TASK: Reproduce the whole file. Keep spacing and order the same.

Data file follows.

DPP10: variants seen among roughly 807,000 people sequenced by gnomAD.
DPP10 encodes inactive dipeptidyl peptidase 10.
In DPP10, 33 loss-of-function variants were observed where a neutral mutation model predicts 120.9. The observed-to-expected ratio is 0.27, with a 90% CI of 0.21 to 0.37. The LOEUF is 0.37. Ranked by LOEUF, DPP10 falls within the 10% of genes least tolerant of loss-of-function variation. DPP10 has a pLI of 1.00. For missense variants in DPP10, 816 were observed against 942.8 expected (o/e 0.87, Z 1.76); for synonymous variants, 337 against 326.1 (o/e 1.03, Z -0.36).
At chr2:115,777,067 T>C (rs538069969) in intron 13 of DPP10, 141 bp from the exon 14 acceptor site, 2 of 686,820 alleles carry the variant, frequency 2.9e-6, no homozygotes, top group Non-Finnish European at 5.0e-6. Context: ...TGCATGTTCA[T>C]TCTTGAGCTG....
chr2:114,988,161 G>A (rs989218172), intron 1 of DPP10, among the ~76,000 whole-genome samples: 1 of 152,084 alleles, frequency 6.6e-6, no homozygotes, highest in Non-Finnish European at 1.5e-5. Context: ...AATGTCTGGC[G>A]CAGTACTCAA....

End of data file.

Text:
DPP10: variants seen among roughly 807,000 people sequenced by gnomAD.
DPP10 encodes inactive dipeptidyl peptidase 10.
In DPP10, 33 loss-of-function variants were observed where a neutral mutation model predicts 120.9. The observed-to-expected ratio is 0.27, with a 90% CI of 0.21 to 0.37. The LOEUF is 0.37. Ranked by LOEUF, DPP10 falls within the 10% of genes least tolerant of loss-of-function variation. DPP10 has a pLI of 1.00. For missense variants in DPP10, 816 were observed against 942.8 expected (o/e 0.87, Z 1.76); for synonymous variants, 337 against 326.1 (o/e 1.03, Z -0.36).
At chr2:115,777,067 T>C (rs538069969) in intron 13 of DPP10, 141 bp from the exon 14 acceptor site, 2 of 686,820 alleles carry the variant, frequency 2.9e-6, no homozygotes, top group Non-Finnish European at 5.0e-6. Context: ...TGCATGTTCA[T>C]TCTTGAGCTG....
chr2:114,988,161 G>A (rs989218172), intron 1 of DPP10, among the ~76,000 whole-genome samples: 1 of 152,084 alleles, frequency 6.6e-6, no homozygotes, highest in Non-Finnish European at 1.5e-5. Context: ...AATGTCTGGC[G>A]CAGTACTCAA....